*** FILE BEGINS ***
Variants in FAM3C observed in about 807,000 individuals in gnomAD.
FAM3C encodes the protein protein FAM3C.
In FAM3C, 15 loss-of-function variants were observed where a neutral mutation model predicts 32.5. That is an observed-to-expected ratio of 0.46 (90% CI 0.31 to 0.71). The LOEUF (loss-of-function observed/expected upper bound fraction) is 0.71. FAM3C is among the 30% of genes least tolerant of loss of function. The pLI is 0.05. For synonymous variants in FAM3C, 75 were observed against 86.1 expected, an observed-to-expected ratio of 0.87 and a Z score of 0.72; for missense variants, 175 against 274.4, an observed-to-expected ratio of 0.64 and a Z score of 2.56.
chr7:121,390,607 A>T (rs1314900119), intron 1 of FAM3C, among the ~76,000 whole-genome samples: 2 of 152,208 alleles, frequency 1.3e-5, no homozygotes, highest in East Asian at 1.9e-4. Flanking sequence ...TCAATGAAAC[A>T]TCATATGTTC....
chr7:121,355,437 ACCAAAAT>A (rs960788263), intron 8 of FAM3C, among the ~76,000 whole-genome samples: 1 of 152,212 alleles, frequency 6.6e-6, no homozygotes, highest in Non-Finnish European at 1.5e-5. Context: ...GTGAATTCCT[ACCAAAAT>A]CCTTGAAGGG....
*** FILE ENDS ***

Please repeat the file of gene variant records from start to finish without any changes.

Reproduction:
Variants in FAM3C observed in about 807,000 individuals in gnomAD.
FAM3C encodes the protein protein FAM3C.
In FAM3C, 15 loss-of-function variants were observed where a neutral mutation model predicts 32.5. That is an observed-to-expected ratio of 0.46 (90% CI 0.31 to 0.71). The LOEUF (loss-of-function observed/expected upper bound fraction) is 0.71. FAM3C is among the 30% of genes least tolerant of loss of function. The pLI is 0.05. For synonymous variants in FAM3C, 75 were observed against 86.1 expected, an observed-to-expected ratio of 0.87 and a Z score of 0.72; for missense variants, 175 against 274.4, an observed-to-expected ratio of 0.64 and a Z score of 2.56.
chr7:121,390,607 A>T (rs1314900119), intron 1 of FAM3C, among the ~76,000 whole-genome samples: 2 of 152,208 alleles, frequency 1.3e-5, no homozygotes, highest in East Asian at 1.9e-4. Flanking sequence ...TCAATGAAAC[A>T]TCATATGTTC....
chr7:121,355,437 ACCAAAAT>A (rs960788263), intron 8 of FAM3C, among the ~76,000 whole-genome samples: 1 of 152,212 alleles, frequency 6.6e-6, no homozygotes, highest in Non-Finnish European at 1.5e-5. Context: ...GTGAATTCCT[ACCAAAAT>A]CCTTGAAGGG....